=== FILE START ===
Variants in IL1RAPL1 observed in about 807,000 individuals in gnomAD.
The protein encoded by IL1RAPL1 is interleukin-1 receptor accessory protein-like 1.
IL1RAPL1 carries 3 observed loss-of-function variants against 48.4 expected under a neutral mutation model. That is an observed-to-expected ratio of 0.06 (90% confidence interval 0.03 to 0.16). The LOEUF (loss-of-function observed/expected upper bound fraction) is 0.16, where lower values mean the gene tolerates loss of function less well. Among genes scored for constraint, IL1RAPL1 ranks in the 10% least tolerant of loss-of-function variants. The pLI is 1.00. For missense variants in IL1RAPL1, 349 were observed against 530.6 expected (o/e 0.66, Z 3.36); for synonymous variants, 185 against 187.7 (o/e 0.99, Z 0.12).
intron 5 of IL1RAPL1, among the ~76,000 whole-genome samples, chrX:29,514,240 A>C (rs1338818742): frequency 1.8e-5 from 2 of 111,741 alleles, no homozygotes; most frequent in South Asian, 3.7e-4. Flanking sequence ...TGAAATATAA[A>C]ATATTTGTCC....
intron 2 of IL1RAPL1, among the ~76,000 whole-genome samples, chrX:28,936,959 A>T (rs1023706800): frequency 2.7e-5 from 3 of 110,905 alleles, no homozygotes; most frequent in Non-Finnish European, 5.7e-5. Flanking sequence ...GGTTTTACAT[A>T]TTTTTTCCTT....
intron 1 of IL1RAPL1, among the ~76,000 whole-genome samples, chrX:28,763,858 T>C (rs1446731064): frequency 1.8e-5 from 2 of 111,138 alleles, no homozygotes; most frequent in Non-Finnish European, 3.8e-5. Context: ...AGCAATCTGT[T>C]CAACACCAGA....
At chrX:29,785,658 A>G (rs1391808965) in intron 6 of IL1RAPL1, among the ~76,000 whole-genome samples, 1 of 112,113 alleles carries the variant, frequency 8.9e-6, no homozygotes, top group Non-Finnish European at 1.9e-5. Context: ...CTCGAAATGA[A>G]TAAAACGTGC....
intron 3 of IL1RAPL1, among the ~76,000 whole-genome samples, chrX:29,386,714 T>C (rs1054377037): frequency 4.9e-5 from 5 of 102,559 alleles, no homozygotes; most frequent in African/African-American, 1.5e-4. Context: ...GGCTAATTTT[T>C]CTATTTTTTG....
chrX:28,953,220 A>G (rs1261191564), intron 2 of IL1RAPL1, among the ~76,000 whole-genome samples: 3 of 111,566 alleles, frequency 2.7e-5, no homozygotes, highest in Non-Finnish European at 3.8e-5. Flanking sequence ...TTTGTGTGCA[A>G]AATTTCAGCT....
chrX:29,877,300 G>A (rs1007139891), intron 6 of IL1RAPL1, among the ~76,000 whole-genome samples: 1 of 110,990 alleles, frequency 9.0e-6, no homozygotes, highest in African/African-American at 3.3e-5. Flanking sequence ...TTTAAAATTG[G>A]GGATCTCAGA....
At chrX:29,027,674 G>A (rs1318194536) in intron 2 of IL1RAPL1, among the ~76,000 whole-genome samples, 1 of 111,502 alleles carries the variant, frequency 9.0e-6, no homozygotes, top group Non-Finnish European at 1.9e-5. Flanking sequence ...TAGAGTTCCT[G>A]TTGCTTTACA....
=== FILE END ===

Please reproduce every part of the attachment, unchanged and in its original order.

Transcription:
Variants in IL1RAPL1 observed in about 807,000 individuals in gnomAD.
The protein encoded by IL1RAPL1 is interleukin-1 receptor accessory protein-like 1.
IL1RAPL1 carries 3 observed loss-of-function variants against 48.4 expected under a neutral mutation model. That is an observed-to-expected ratio of 0.06 (90% confidence interval 0.03 to 0.16). The LOEUF (loss-of-function observed/expected upper bound fraction) is 0.16, where lower values mean the gene tolerates loss of function less well. Among genes scored for constraint, IL1RAPL1 ranks in the 10% least tolerant of loss-of-function variants. The pLI is 1.00. For missense variants in IL1RAPL1, 349 were observed against 530.6 expected (o/e 0.66, Z 3.36); for synonymous variants, 185 against 187.7 (o/e 0.99, Z 0.12).
intron 5 of IL1RAPL1, among the ~76,000 whole-genome samples, chrX:29,514,240 A>C (rs1338818742): frequency 1.8e-5 from 2 of 111,741 alleles, no homozygotes; most frequent in South Asian, 3.7e-4. Flanking sequence ...TGAAATATAA[A>C]ATATTTGTCC....
intron 2 of IL1RAPL1, among the ~76,000 whole-genome samples, chrX:28,936,959 A>T (rs1023706800): frequency 2.7e-5 from 3 of 110,905 alleles, no homozygotes; most frequent in Non-Finnish European, 5.7e-5. Flanking sequence ...GGTTTTACAT[A>T]TTTTTTCCTT....
intron 1 of IL1RAPL1, among the ~76,000 whole-genome samples, chrX:28,763,858 T>C (rs1446731064): frequency 1.8e-5 from 2 of 111,138 alleles, no homozygotes; most frequent in Non-Finnish European, 3.8e-5. Context: ...AGCAATCTGT[T>C]CAACACCAGA....
At chrX:29,785,658 A>G (rs1391808965) in intron 6 of IL1RAPL1, among the ~76,000 whole-genome samples, 1 of 112,113 alleles carries the variant, frequency 8.9e-6, no homozygotes, top group Non-Finnish European at 1.9e-5. Context: ...CTCGAAATGA[A>G]TAAAACGTGC....
intron 3 of IL1RAPL1, among the ~76,000 whole-genome samples, chrX:29,386,714 T>C (rs1054377037): frequency 4.9e-5 from 5 of 102,559 alleles, no homozygotes; most frequent in African/African-American, 1.5e-4. Context: ...GGCTAATTTT[T>C]CTATTTTTTG....
chrX:28,953,220 A>G (rs1261191564), intron 2 of IL1RAPL1, among the ~76,000 whole-genome samples: 3 of 111,566 alleles, frequency 2.7e-5, no homozygotes, highest in Non-Finnish European at 3.8e-5. Flanking sequence ...TTTGTGTGCA[A>G]AATTTCAGCT....
chrX:29,877,300 G>A (rs1007139891), intron 6 of IL1RAPL1, among the ~76,000 whole-genome samples: 1 of 110,990 alleles, frequency 9.0e-6, no homozygotes, highest in African/African-American at 3.3e-5. Flanking sequence ...TTTAAAATTG[G>A]GGATCTCAGA....
At chrX:29,027,674 G>A (rs1318194536) in intron 2 of IL1RAPL1, among the ~76,000 whole-genome samples, 1 of 111,502 alleles carries the variant, frequency 9.0e-6, no homozygotes, top group Non-Finnish European at 1.9e-5. Flanking sequence ...TAGAGTTCCT[G>A]TTGCTTTACA....